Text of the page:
CMOs must demand respect

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The good news is that chief marketing officers are no longer the Rodney Dangerfields of the C-suite. The bad news is that CEOs are failing to communicate that to their direct reports. And the worst news: It's the CMOs' fault.

A recurring theme in these pages has been the general lack of regard afforded CMOs in corporate America, particularly as evidenced by Spencer Stuart's survey in the past few years. In 2004 came the shocking revelation that CMOs are given under two years to do their job before being unceremoniously booted. At the time, we wrote in this space that it reflects "a deep-seated lack of respect for the marketing function" at major companies.

Last year's survey found that 44% of CMO respondents aspired to become CEO someday-but the likelihood seemed low considering that it was found CMOs were generally viewed as unsuitable for general management and seen as lacking financial acumen and broad business perspective.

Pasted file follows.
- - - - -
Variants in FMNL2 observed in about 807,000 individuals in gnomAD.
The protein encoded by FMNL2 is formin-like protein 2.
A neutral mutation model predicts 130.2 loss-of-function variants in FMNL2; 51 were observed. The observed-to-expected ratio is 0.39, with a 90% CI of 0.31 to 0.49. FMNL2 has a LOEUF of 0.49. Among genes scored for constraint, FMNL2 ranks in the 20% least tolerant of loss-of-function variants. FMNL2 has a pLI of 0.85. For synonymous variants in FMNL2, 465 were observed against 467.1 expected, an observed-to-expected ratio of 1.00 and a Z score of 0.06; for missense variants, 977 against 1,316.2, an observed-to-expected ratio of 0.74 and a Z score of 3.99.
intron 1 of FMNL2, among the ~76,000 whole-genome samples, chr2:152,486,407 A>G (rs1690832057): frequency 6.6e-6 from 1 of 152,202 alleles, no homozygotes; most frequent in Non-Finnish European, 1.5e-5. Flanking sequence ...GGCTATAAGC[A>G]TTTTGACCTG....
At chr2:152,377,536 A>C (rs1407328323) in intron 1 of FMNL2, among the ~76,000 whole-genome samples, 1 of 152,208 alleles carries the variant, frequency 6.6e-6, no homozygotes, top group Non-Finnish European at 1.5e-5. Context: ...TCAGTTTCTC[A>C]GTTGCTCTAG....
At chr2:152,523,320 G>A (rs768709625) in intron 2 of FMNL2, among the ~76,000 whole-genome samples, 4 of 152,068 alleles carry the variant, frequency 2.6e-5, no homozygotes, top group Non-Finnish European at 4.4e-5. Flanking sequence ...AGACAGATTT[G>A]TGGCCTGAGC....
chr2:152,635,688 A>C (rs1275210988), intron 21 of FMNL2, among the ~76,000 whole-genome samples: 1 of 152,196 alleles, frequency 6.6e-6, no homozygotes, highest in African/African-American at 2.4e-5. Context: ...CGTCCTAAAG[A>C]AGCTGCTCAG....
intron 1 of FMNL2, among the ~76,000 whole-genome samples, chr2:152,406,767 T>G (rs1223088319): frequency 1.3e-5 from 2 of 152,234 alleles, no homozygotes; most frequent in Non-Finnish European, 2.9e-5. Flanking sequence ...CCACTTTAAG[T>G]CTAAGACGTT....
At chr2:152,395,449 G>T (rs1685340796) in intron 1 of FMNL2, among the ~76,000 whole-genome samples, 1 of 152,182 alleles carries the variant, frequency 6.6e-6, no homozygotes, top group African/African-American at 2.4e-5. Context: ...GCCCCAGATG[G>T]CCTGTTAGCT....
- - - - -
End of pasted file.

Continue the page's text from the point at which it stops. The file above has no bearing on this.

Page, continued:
Now it seems that CEOs may be coming around to recognizing marketers, but they haven't communicated that to their underlings. This year's survey found that only slightly more than half of CMOs rated their bosses as good or excellent at communicating with marketing, and even fewer, 43%, said CEOs are making direct reports accountable for partnering with marketing.

The inevitable conclusion is it's time-or well past time-for CMOs to step up and start selling themselves within their own organizations. "If you're expecting the CEO to be the effective champion, that's unrealistic," said Rich Routhier, a consultant at Spencer Stuart.

Instead, that respect has to be earned. "The CMO has not made it clear to the CEO or the rest of the organization [his or her] importance," said David Reibstein, professor marketing at the Wharton School. Or, as Rick Lenny, CEO of Hershey Co., said: "To get a seat at the table, ask for it."

After all, if you can't market yourself, you don't deserve respect.
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